greatest and most respected member of them will be
your son, John Clancy, who gave his life to save a
little child.

Mrs. Clancy {in a low voice, kneeling at John's side).
I'm sure it's very good of your reverence to say such

84 The Clancy Name

things ; I thank God neither I nor mv son, have ever
brought disgrace on the Clancy name.

Father Mahony. You haven't indeed, Mrs. Clancy.
You should be proud this day to be the mother of John
Clancy. {A short pause. He looks round on the little
crowd of men and women). Let us pray for the soul of
John Clancy. {Tlhey all jail on their knees.)



Harvest was first frodvced on May igth, 19 lo,
Abhgy Theatre with the following cast: —


Jack Hurley . .
Mildred Hurley
Bridget Twomey
Maggie Hannigan
Timothy Hurley
Maurice Hurley
William Lordan
Mary Hurley . .

Fred. O^Donovan
Sara Allgood
Eileen O^Doherty
Eithne Magee
J. A. O'Rourke
7. M. Kerrigan
Arthur Sinclair
Maire O'Neill

The first version of " The Clancy Name " was produced
in the Abbey Theatre on October %th^ 1908. The present
version was produced on September ^oth, 1909, with the
following cast :

Mrs. Clancy . .

John Clancy, her son
Mrs. Spillane . .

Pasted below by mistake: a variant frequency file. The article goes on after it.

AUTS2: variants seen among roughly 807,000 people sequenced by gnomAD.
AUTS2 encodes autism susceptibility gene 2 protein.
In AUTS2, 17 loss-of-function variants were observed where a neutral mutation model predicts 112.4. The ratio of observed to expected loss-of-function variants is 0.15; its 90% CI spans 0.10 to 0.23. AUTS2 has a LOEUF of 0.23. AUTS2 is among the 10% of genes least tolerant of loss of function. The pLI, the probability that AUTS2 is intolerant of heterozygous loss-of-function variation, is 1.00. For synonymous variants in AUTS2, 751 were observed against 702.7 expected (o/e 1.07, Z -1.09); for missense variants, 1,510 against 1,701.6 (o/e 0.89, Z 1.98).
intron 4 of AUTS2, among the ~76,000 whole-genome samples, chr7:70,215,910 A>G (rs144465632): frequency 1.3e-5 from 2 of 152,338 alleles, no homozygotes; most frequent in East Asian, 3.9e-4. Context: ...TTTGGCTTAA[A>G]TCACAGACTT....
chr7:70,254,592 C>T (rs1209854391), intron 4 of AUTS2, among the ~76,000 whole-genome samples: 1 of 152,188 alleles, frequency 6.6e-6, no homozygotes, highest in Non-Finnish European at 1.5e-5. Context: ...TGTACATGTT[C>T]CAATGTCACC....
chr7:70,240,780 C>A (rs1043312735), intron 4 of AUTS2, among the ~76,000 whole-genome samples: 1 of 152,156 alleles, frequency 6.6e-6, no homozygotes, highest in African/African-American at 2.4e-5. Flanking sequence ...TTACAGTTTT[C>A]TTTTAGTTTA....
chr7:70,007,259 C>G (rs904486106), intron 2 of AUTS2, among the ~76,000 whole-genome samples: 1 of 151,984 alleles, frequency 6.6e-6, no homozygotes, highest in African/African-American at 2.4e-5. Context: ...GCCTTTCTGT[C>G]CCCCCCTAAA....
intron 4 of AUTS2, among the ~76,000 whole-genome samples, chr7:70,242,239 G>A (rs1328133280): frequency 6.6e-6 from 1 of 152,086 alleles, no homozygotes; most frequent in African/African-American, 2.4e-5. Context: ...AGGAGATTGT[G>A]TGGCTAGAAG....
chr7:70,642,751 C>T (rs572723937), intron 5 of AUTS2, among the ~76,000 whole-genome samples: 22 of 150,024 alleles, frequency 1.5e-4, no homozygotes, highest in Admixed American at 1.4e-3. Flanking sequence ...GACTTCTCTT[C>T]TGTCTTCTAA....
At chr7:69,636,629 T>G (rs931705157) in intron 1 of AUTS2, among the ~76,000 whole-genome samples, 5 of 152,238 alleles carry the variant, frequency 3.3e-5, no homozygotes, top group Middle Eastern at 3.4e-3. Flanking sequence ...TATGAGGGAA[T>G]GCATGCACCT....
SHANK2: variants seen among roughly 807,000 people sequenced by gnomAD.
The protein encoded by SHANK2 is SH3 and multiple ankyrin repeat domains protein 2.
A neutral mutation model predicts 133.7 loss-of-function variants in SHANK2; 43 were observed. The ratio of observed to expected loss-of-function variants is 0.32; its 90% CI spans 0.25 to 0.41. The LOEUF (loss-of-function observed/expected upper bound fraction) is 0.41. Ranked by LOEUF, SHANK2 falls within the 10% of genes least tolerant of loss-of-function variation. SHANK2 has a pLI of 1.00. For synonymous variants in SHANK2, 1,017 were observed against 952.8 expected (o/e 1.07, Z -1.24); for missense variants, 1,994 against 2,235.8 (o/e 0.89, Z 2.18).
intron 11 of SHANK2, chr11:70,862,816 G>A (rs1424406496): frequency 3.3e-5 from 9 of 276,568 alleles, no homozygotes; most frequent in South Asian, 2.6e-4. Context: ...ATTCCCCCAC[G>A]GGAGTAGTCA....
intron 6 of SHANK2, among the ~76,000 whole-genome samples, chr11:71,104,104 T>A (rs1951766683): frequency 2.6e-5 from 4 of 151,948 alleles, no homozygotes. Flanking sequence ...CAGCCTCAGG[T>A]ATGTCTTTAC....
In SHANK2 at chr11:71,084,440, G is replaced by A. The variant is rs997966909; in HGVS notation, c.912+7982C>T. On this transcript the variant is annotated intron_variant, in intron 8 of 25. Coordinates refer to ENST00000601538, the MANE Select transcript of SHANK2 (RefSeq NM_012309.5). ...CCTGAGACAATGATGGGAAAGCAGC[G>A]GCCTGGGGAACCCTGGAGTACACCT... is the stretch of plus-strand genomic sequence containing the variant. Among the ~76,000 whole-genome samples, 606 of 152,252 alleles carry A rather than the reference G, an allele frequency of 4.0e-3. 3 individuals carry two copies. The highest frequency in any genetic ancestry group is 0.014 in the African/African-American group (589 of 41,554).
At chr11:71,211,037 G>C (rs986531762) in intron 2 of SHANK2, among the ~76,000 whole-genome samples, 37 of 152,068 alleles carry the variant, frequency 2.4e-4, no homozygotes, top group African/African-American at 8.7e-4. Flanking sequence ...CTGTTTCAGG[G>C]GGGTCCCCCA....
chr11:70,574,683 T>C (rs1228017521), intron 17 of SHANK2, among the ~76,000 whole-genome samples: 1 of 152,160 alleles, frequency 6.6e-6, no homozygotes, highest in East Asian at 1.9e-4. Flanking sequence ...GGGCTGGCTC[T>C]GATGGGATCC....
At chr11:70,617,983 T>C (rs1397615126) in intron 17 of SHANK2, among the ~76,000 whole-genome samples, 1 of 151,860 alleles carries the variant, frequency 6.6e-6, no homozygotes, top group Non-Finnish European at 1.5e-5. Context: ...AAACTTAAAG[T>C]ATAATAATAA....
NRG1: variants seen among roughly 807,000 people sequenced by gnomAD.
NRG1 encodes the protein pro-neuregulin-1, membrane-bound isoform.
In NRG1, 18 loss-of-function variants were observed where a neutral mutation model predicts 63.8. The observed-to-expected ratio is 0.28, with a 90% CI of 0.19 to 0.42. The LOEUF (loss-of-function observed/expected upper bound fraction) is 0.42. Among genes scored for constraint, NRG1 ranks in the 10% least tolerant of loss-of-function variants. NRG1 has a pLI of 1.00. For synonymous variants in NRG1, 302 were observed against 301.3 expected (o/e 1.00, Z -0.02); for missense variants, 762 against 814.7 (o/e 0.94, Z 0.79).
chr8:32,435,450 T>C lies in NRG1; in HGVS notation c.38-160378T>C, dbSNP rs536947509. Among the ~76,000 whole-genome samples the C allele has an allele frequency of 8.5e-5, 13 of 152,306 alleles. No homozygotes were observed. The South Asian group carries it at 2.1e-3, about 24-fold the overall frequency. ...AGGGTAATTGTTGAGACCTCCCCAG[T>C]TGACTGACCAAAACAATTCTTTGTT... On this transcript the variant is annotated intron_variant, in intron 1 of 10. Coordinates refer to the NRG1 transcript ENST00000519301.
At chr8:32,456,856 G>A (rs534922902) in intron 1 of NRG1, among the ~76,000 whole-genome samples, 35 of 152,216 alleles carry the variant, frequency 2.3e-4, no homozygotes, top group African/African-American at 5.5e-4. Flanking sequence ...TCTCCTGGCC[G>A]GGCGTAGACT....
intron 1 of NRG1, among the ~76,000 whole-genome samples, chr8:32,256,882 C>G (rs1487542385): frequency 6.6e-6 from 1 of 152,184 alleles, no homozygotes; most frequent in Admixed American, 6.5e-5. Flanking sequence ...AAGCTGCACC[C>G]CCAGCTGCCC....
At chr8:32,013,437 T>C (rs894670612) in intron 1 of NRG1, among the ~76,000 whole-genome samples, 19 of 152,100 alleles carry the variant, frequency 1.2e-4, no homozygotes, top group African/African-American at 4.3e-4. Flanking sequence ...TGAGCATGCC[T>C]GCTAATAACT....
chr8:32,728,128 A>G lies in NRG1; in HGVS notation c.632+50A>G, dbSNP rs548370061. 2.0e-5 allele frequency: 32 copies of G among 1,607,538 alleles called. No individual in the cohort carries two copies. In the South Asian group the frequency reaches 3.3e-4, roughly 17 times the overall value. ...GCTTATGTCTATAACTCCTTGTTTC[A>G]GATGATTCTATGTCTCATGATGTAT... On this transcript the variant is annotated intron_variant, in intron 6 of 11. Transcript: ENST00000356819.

Eugene Roche
Jerry Brien
Mary Brien
Father Murphy
Michael Dempsey

Sara Allgood

Arthur Sinclair

Maire O'Neill

Fred. O'Donovan

J. A. O'Rourke

Eileen O'Doherty

J. M. Kerrigan

Sydney J. Morgan


PUBLISHERS of Books by Irish Writers and Books
-*■ about Ireland, invite enquiries for their catalogue
which includes works by J. M. Synge, in Library and
Pocket editions ; Lady Gregory's plays ; the Abbey
Theatre series of Irish Dramatists ; Plays by George
Moore, T. C Murray, Lennox Robinson, St. John
G. Ervine, Johanna Redmond, Padraic Colum,
Rutherford Mayne, and Seumas O'Kelly. Poetry
and Belles Lettres by John Eglinton, Seumas
O'SuLLivAN, Charles Weekes, James Stephens, Joseph
Campbell, James H. Cousins, Padraic Colum,
T. W. Rolleston, a. P. Graves, and others. Fiction
by George A. Birmingham, Stephen Gwynn, M.P.,
Lynn Doyle, and others. Pohtical, Sociological and
Descriptive Books by Stephen Gwynn, M.P., Mons.
Paul Dubois, Prof. Kettle, " Pat," Sydney Brooks,
Sir Horace Plunkett, " ^E," and others


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JUN 1 4 2001

APR 7 2005


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Online LibraryLennox RobinsonTwo plays: Harvest; The Clancy name → online text (page 6 of 6)